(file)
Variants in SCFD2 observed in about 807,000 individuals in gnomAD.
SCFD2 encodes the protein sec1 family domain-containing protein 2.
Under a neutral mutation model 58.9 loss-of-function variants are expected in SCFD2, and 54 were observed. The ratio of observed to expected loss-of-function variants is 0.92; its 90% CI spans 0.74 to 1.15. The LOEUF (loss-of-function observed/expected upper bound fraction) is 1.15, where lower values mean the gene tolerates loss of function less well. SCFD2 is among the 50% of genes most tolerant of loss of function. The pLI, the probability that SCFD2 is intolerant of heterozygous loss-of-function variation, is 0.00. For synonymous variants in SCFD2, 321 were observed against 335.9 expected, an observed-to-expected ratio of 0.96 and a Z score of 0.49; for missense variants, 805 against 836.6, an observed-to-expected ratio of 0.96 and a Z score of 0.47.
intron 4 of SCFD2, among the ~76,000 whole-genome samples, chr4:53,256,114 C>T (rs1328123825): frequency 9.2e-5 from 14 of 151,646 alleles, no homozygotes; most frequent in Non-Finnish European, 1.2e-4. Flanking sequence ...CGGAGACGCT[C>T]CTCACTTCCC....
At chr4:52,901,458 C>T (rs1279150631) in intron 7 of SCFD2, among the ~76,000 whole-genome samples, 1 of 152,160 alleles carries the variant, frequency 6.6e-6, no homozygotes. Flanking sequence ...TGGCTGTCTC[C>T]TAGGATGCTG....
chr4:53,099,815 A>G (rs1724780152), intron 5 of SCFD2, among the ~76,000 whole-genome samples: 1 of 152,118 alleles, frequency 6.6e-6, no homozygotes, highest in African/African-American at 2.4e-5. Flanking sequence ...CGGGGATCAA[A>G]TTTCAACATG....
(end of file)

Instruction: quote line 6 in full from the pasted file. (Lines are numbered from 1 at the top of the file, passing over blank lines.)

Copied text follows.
chr4:53,099,815 A>G (rs1724780152), intron 5 of SCFD2, among the ~76,000 whole-genome samples: 1 of 152,118 alleles, frequency 6.6e-6, no homozygotes, highest in African/African-American at 2.4e-5. Flanking sequence ...CGGGGATCAA[A>G]TTTCAACATG....